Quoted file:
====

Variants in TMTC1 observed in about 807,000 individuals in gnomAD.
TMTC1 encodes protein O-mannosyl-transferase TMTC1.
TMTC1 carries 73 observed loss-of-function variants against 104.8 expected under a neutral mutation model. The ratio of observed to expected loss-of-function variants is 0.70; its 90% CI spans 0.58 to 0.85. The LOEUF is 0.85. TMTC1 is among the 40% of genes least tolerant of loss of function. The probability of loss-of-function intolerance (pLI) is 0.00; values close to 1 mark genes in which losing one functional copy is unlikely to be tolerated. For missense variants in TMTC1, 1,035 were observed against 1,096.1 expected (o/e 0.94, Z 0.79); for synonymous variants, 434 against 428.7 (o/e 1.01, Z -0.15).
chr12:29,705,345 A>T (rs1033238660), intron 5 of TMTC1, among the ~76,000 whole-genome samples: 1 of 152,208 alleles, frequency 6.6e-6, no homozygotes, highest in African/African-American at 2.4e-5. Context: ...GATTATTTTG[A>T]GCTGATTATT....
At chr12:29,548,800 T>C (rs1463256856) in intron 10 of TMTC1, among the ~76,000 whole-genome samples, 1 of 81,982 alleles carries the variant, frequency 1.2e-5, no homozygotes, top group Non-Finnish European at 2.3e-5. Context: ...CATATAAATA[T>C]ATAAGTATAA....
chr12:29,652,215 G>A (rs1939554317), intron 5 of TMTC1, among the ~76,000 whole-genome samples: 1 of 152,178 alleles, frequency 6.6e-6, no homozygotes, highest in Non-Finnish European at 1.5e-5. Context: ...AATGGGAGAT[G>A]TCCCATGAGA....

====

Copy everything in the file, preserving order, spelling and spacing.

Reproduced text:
Variants in TMTC1 observed in about 807,000 individuals in gnomAD.
TMTC1 encodes protein O-mannosyl-transferase TMTC1.
TMTC1 carries 73 observed loss-of-function variants against 104.8 expected under a neutral mutation model. The ratio of observed to expected loss-of-function variants is 0.70; its 90% CI spans 0.58 to 0.85. The LOEUF is 0.85. TMTC1 is among the 40% of genes least tolerant of loss of function. The probability of loss-of-function intolerance (pLI) is 0.00; values close to 1 mark genes in which losing one functional copy is unlikely to be tolerated. For missense variants in TMTC1, 1,035 were observed against 1,096.1 expected (o/e 0.94, Z 0.79); for synonymous variants, 434 against 428.7 (o/e 1.01, Z -0.15).
chr12:29,705,345 A>T (rs1033238660), intron 5 of TMTC1, among the ~76,000 whole-genome samples: 1 of 152,208 alleles, frequency 6.6e-6, no homozygotes, highest in African/African-American at 2.4e-5. Context: ...GATTATTTTG[A>T]GCTGATTATT....
At chr12:29,548,800 T>C (rs1463256856) in intron 10 of TMTC1, among the ~76,000 whole-genome samples, 1 of 81,982 alleles carries the variant, frequency 1.2e-5, no homozygotes, top group Non-Finnish European at 2.3e-5. Context: ...CATATAAATA[T>C]ATAAGTATAA....
chr12:29,652,215 G>A (rs1939554317), intron 5 of TMTC1, among the ~76,000 whole-genome samples: 1 of 152,178 alleles, frequency 6.6e-6, no homozygotes, highest in Non-Finnish European at 1.5e-5. Context: ...AATGGGAGAT[G>A]TCCCATGAGA....